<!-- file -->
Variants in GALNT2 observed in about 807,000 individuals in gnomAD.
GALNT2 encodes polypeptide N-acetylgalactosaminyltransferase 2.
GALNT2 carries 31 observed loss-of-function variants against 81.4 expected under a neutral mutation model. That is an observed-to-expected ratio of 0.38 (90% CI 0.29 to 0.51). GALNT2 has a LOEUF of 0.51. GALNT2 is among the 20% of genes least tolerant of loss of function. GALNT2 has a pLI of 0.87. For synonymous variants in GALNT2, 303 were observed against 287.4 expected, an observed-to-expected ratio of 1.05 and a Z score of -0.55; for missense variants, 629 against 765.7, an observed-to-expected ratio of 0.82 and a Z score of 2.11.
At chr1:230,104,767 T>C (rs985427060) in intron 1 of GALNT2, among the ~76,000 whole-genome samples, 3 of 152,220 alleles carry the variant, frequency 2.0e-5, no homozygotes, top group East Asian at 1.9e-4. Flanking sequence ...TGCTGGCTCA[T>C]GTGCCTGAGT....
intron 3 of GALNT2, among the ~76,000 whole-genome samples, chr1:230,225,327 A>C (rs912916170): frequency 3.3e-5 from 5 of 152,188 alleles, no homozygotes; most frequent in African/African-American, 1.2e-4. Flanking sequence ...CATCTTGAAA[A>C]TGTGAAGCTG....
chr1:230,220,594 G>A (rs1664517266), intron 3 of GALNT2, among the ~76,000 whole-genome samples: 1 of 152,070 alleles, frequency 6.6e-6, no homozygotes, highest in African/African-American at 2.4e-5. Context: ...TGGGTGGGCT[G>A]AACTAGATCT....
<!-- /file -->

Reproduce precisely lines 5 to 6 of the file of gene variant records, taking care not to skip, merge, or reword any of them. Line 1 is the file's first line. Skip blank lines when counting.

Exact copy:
intron 3 of GALNT2, among the ~76,000 whole-genome samples, chr1:230,225,327 A>C (rs912916170): frequency 3.3e-5 from 5 of 152,188 alleles, no homozygotes; most frequent in African/African-American, 1.2e-4. Flanking sequence ...CATCTTGAAA[A>C]TGTGAAGCTG....
chr1:230,220,594 G>A (rs1664517266), intron 3 of GALNT2, among the ~76,000 whole-genome samples: 1 of 152,070 alleles, frequency 6.6e-6, no homozygotes, highest in African/African-American at 2.4e-5. Context: ...TGGGTGGGCT[G>A]AACTAGATCT....